Black Great Pyrenees
It always amazes that there are many who ridicule the Black Great Pyrenees and ones who fancy they do not exist; and will vocalize and downgrade without even inquiring of the one who OWNS the animals. They try to deride them saying they are part newfie or part Border collie or some other "mutt" cross. People say that a true pyr could not have black, but I am here to stand and say it can; and not hide it.
First off this is an excerpt that was shared with me about The Great Pyr with the Black, it is more than the Badger, or blaireau, or apricot, the mixture of brown, black, gray, apricot and white, is necessary to maintain the size and strength of this truly beautiful dog.
taken From “THE WORLD ENCYCLOPEDIA OF DOGS”
Color: The assumption that the pure bred Pyrenean must be white is erroneous. The permitted colors are all-white or mainly white with markings of badger, gray or varying shades of tan, mainly on the head, or at the root of the tail. Badger, or blaireau, as it is called, is an admixture of brown, black, gray and white hairs and is common in puppies, but generally fades on maturity. Patches of pure black are not admitted in the show ring, although black and white dogs sometimes appear in correctly color-bred litters. The desired jet black nose, lips and eye rims still cannot be maintained in successive generations of all-white dogs without breeding back to the colored mountain type. It is noticeable that not only pigment but increased size and vigor become apparent when color is introduced into the all-white strain, and in spite of the lack of scientific support for the fact, all-white breeding tends to produce progressively smaller Pyreneans.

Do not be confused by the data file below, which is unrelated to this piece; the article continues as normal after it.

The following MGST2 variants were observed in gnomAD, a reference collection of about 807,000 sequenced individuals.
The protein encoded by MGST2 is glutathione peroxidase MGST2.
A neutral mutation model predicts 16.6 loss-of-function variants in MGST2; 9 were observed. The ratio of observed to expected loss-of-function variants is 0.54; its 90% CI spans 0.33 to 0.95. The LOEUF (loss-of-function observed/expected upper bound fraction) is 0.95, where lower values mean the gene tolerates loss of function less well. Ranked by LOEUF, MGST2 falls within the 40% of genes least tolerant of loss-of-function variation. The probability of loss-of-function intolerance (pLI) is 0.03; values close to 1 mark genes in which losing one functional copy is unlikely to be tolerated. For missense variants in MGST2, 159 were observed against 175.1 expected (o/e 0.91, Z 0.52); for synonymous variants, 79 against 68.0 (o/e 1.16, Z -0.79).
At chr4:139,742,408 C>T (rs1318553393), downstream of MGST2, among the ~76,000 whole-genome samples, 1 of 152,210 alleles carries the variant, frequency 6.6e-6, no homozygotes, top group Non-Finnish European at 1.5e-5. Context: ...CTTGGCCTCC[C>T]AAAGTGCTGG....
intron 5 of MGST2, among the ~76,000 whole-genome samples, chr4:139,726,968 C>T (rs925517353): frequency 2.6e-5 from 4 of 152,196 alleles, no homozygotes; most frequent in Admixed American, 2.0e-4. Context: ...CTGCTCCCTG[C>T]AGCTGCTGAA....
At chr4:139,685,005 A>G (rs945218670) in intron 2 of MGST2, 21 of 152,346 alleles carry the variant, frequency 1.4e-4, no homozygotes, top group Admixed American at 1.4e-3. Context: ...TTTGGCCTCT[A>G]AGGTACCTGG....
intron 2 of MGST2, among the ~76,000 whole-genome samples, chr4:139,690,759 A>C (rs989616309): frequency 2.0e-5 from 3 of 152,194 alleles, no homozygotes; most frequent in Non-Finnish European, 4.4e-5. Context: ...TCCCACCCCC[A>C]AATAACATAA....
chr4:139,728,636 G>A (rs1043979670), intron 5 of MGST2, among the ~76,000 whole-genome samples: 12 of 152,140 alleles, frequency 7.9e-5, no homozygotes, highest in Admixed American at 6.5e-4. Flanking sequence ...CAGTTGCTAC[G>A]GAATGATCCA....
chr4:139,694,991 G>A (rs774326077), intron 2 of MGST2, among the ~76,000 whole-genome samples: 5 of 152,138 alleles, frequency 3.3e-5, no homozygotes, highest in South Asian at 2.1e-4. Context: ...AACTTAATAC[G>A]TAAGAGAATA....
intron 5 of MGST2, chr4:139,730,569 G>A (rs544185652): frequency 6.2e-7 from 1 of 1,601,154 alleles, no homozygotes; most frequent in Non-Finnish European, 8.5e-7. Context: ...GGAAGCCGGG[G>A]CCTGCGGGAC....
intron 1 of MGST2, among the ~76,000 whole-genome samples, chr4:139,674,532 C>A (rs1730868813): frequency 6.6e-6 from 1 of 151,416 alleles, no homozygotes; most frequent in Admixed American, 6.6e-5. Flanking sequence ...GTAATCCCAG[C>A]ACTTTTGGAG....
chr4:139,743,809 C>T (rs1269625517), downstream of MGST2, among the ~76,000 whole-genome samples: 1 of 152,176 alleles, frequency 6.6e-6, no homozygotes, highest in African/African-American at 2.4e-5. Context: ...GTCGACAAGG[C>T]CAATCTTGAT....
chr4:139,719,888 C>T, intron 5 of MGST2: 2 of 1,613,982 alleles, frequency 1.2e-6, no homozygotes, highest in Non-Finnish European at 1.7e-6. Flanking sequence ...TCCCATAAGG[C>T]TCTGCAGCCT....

Standards: The first Pyrenean Standard to be generally accepted was laid down by the Reunion des Amateurs de Chiens Pyreneens, shortly after the First World War. When breeding began in America in the early 1930's, the French Standard was translated and accepted as it stood, but in 1935 it was replaced by a new one which contained a significant number of omissions and alterations, one of which, to the detriment of the breed, lowered the minimum height by 2 cms. Another alteration included the head, with the shorter muzzle favored in England and America, but which is not acceptable in France, where the longer foreface is considered correct. It was the American Standard which, a few years later, was adopted in its entirety by the Pyrenean Mountain Dog Club of Great Britain, apparently without further reference to the original French translation. Essentially, however, all the Standards call for a dog of great size (27" to 32" for dogs, 25" to 29" for bitches), strongly built, but with a certain elegance and a kindly disposition. He should have a thick double coat, with a fine white undercoat and a long, flat outer coat of a coarser hair. Black on nose and eyerims and an unbroken black mouth line are also necessary. In the all-white dog good pigment would ideally be linked with black pads, nails and palate. Double dew-claws on the hind legs are a distinguishing feature, and their removal constitutes disqualification in the show ring.